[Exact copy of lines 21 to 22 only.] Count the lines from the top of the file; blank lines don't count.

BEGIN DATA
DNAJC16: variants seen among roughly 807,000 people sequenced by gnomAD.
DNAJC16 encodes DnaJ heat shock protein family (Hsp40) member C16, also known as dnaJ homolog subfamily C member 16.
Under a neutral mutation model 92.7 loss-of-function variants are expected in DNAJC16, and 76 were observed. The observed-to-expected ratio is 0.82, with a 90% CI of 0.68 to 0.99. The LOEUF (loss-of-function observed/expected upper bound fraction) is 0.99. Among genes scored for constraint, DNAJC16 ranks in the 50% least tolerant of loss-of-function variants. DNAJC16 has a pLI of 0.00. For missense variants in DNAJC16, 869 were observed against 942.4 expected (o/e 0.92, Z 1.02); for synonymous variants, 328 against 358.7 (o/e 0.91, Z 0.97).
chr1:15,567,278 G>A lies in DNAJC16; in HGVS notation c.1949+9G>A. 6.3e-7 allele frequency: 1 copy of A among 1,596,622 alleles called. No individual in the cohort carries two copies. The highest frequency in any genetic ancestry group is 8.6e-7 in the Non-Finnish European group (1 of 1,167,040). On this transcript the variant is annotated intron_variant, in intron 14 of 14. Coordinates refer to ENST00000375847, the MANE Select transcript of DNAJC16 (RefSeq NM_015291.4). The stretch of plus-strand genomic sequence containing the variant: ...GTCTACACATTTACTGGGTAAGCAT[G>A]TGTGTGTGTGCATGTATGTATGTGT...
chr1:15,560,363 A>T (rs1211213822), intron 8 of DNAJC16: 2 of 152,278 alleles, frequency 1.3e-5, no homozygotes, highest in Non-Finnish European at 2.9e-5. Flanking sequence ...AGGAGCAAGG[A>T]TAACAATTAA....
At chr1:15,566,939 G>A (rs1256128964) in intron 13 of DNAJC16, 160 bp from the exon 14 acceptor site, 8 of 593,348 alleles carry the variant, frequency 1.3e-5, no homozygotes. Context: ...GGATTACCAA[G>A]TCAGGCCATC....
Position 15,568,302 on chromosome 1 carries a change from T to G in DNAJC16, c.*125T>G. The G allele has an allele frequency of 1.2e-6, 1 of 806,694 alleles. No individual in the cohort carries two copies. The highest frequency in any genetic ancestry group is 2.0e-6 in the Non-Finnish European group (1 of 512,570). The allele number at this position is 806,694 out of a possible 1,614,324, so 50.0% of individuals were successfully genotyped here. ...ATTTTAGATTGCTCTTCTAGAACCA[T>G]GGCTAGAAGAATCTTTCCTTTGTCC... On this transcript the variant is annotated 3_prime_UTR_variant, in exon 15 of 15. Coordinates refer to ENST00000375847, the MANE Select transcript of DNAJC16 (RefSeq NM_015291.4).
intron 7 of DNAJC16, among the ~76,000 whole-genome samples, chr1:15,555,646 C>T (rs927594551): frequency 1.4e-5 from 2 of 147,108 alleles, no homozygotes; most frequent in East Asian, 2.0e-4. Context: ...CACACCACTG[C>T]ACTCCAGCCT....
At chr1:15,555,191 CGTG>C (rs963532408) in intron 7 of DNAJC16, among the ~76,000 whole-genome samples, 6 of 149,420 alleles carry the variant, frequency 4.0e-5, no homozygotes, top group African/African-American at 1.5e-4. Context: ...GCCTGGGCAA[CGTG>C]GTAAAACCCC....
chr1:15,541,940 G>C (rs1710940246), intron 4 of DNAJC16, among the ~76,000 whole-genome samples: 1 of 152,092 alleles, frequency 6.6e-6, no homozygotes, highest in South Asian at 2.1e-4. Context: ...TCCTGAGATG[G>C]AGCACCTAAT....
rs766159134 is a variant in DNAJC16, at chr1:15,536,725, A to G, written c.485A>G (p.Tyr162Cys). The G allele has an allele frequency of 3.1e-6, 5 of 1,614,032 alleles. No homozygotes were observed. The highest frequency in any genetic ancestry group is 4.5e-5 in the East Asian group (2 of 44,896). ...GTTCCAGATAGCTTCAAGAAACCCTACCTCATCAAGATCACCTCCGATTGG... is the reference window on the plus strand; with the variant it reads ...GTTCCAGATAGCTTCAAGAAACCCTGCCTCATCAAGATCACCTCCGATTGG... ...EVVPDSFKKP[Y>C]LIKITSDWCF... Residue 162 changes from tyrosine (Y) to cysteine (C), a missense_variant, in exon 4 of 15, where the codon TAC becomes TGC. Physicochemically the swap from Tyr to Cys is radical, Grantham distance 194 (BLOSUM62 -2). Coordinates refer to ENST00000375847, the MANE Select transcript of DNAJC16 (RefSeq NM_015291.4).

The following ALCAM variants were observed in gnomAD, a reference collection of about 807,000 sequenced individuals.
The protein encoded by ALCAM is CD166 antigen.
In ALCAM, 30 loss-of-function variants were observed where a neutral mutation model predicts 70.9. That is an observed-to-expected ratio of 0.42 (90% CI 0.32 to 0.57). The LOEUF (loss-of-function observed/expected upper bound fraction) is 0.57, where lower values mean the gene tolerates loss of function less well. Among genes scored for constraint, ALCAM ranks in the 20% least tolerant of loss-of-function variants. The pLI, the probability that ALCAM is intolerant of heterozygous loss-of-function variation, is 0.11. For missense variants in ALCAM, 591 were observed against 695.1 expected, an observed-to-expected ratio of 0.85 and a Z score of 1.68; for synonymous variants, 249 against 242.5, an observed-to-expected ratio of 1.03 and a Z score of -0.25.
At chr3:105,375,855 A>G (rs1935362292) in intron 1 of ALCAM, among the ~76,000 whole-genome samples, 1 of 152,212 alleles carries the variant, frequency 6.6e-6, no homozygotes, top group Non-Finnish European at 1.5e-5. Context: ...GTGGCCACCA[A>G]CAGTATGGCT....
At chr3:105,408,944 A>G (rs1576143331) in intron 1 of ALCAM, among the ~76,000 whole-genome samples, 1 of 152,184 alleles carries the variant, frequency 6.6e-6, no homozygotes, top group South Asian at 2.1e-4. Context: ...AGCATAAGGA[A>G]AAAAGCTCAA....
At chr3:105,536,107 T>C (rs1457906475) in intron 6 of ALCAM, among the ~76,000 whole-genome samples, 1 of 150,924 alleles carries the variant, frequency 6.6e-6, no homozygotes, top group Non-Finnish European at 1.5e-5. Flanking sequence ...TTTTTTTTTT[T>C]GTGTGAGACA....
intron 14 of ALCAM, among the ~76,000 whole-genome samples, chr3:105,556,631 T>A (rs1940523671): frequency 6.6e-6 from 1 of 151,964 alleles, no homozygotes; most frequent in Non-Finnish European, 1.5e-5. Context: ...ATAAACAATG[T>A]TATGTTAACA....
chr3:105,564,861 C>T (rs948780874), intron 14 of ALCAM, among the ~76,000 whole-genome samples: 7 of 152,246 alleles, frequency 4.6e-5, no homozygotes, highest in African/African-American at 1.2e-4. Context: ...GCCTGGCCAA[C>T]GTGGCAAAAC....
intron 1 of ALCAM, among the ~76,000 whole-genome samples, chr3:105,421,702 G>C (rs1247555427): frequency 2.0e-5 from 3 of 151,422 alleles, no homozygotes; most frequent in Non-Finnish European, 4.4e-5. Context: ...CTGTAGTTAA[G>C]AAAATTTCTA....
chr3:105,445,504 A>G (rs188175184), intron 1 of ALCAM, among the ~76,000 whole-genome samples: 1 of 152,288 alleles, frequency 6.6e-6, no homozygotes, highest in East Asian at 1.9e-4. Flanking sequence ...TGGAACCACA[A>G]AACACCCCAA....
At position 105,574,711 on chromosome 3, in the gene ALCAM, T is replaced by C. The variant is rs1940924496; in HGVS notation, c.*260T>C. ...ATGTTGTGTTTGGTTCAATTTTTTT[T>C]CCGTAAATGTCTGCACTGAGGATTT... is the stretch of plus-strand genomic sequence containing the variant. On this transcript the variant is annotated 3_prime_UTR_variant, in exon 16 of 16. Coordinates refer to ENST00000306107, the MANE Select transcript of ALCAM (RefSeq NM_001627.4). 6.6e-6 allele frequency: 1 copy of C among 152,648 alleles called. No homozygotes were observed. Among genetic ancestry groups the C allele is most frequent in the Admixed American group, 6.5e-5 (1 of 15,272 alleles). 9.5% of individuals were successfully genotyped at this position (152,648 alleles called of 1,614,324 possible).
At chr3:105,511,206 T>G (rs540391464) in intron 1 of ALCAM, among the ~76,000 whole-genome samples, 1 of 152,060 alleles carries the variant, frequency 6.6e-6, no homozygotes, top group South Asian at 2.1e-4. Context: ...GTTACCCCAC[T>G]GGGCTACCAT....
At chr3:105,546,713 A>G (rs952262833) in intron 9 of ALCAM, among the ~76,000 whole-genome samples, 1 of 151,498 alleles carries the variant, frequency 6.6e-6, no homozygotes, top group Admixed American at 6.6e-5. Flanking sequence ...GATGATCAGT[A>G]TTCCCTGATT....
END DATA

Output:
chr3:105,445,504 A>G (rs188175184), intron 1 of ALCAM, among the ~76,000 whole-genome samples: 1 of 152,288 alleles, frequency 6.6e-6, no homozygotes, highest in East Asian at 1.9e-4. Flanking sequence ...TGGAACCACA[A>G]AACACCCCAA....
At position 105,574,711 on chromosome 3, in the gene ALCAM, T is replaced by C. The variant is rs1940924496; in HGVS notation, c.*260T>C. ...ATGTTGTGTTTGGTTCAATTTTTTT[T>C]CCGTAAATGTCTGCACTGAGGATTT... is the stretch of plus-strand genomic sequence containing the variant. On this transcript the variant is annotated 3_prime_UTR_variant, in exon 16 of 16. Coordinates refer to ENST00000306107, the MANE Select transcript of ALCAM (RefSeq NM_001627.4). 6.6e-6 allele frequency: 1 copy of C among 152,648 alleles called. No homozygotes were observed. Among genetic ancestry groups the C allele is most frequent in the Admixed American group, 6.5e-5 (1 of 15,272 alleles). 9.5% of individuals were successfully genotyped at this position (152,648 alleles called of 1,614,324 possible).